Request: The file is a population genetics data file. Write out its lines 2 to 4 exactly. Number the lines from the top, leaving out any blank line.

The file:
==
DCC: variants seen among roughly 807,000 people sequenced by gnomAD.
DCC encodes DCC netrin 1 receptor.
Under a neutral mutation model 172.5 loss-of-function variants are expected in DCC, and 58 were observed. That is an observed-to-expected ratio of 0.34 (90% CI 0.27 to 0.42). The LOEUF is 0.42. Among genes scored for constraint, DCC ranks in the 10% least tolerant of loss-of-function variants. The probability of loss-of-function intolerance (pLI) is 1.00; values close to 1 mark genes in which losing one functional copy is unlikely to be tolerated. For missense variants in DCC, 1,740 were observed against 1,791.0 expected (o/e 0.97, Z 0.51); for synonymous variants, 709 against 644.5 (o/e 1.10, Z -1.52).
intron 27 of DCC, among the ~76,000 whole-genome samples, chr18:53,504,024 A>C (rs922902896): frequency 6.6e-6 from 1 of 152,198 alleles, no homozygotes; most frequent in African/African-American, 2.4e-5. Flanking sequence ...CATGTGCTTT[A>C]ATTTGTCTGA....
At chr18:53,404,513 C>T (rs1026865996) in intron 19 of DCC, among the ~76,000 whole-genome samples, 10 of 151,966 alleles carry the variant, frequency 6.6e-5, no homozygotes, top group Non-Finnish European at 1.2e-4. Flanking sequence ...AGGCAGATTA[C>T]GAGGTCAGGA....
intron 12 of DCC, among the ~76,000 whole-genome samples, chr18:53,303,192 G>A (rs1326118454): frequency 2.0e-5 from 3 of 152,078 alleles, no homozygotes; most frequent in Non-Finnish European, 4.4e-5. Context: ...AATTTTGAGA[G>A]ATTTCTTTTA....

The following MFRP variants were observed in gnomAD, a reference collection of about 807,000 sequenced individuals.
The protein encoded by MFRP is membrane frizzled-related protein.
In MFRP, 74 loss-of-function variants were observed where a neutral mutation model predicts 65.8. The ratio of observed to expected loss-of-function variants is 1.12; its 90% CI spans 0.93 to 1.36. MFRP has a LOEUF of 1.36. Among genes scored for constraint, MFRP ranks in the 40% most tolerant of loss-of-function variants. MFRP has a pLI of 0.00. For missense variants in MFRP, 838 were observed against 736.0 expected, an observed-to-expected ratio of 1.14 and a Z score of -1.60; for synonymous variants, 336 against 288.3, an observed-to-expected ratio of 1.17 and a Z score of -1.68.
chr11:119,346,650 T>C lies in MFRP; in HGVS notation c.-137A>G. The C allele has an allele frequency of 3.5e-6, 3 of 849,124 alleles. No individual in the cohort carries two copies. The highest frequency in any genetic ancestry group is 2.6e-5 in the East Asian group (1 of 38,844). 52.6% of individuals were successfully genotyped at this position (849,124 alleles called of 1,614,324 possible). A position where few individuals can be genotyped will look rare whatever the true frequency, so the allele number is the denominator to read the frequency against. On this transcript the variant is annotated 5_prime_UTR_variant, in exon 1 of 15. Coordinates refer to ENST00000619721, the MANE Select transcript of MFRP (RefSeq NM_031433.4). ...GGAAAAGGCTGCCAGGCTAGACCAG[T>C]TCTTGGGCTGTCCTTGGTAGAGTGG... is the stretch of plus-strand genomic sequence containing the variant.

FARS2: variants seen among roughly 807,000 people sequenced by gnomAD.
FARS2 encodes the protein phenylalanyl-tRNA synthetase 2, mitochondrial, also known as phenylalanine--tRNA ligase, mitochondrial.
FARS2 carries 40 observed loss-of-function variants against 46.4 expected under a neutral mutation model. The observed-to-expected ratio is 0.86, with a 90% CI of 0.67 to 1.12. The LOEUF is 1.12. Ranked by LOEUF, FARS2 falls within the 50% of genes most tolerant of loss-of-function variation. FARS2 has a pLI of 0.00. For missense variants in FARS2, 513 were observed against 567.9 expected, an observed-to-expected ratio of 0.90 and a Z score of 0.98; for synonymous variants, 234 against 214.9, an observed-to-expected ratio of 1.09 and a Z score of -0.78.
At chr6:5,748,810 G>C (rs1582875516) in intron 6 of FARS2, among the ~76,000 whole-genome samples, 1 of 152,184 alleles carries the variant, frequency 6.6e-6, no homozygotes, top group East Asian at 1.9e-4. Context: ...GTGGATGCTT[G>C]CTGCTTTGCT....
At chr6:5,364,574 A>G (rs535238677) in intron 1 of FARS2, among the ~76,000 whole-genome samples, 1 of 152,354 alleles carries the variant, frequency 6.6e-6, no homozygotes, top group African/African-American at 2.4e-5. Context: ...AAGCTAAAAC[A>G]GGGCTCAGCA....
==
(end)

DCC encodes DCC netrin 1 receptor.
Under a neutral mutation model 172.5 loss-of-function variants are expected in DCC, and 58 were observed. That is an observed-to-expected ratio of 0.34 (90% CI 0.27 to 0.42). The LOEUF is 0.42. Among genes scored for constraint, DCC ranks in the 10% least tolerant of loss-of-function variants. The probability of loss-of-function intolerance (pLI) is 1.00; values close to 1 mark genes in which losing one functional copy is unlikely to be tolerated. For missense variants in DCC, 1,740 were observed against 1,791.0 expected (o/e 0.97, Z 0.51); for synonymous variants, 709 against 644.5 (o/e 1.10, Z -1.52).
intron 27 of DCC, among the ~76,000 whole-genome samples, chr18:53,504,024 A>C (rs922902896): frequency 6.6e-6 from 1 of 152,198 alleles, no homozygotes; most frequent in African/African-American, 2.4e-5. Flanking sequence ...CATGTGCTTT[A>C]ATTTGTCTGA....